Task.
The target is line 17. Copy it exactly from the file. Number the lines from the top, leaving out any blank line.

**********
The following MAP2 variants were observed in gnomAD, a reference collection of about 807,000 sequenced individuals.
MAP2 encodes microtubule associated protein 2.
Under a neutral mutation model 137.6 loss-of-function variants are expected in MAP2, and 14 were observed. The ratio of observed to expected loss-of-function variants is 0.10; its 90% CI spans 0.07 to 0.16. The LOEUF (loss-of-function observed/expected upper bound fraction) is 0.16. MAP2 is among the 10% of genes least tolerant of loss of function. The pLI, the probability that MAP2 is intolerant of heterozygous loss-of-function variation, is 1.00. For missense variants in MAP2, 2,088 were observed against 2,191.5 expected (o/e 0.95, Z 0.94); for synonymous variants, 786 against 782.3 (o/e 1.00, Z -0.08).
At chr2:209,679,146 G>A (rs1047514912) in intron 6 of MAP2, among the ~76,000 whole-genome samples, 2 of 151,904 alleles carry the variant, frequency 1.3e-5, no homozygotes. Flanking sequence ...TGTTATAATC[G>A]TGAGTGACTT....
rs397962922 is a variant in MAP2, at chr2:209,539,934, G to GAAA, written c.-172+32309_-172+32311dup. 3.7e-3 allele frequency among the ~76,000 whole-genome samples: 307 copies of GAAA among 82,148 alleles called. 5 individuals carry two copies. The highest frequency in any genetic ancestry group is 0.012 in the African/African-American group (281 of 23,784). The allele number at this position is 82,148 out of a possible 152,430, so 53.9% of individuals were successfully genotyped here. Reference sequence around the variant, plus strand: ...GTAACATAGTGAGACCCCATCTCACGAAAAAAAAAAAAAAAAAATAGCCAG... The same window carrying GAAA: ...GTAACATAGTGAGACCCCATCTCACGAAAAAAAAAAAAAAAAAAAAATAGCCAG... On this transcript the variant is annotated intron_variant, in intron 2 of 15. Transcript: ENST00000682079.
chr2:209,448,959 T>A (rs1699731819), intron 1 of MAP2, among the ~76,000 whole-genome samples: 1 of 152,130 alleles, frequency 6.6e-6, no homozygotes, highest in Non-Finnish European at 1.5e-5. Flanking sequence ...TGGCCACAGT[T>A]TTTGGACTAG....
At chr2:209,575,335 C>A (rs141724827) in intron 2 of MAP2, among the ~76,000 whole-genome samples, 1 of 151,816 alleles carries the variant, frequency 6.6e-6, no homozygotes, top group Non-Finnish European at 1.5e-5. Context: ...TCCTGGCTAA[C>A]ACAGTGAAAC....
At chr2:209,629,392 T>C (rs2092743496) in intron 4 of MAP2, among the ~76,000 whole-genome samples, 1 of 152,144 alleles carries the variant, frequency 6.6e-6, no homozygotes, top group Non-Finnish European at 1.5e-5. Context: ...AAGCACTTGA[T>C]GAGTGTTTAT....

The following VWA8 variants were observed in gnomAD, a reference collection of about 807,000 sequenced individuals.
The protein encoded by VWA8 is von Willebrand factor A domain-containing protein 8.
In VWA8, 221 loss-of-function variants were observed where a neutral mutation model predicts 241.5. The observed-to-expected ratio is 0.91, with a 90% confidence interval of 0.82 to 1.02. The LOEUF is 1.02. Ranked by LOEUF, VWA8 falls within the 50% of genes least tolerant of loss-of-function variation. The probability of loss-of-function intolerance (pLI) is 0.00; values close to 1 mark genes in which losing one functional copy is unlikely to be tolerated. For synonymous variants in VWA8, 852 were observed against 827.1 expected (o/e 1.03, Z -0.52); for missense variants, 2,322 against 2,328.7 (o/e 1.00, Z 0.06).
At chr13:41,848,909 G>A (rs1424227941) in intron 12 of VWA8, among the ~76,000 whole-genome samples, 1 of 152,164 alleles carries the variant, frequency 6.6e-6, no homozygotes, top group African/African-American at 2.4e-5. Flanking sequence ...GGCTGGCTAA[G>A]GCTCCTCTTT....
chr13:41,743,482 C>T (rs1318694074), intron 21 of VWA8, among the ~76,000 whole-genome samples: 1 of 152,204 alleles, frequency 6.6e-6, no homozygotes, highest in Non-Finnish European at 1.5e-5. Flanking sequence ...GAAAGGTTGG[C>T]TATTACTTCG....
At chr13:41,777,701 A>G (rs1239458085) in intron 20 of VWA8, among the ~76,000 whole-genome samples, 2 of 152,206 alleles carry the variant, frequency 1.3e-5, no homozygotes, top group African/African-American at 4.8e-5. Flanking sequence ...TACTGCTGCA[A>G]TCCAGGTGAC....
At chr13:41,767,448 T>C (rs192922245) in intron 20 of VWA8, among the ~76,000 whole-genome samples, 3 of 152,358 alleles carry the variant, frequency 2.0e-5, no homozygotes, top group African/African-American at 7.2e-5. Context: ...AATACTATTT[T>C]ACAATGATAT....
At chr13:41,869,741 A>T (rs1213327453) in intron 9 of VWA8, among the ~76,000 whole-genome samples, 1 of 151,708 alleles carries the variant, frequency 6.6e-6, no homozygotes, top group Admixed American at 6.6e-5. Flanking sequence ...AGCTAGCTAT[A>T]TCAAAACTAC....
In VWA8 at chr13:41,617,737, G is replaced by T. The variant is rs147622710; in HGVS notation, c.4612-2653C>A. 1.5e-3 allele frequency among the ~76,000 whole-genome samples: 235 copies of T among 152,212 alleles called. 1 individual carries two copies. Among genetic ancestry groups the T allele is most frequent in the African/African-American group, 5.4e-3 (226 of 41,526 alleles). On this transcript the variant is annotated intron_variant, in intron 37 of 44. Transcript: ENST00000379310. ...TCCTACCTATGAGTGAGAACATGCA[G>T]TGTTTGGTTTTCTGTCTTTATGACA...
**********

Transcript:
In VWA8 at chr13:41,617,737, G is replaced by T. The variant is rs147622710; in HGVS notation, c.4612-2653C>A. 1.5e-3 allele frequency among the ~76,000 whole-genome samples: 235 copies of T among 152,212 alleles called. 1 individual carries two copies. Among genetic ancestry groups the T allele is most frequent in the African/African-American group, 5.4e-3 (226 of 41,526 alleles). On this transcript the variant is annotated intron_variant, in intron 37 of 44. Transcript: ENST00000379310. ...TCCTACCTATGAGTGAGAACATGCA[G>T]TGTTTGGTTTTCTGTCTTTATGACA...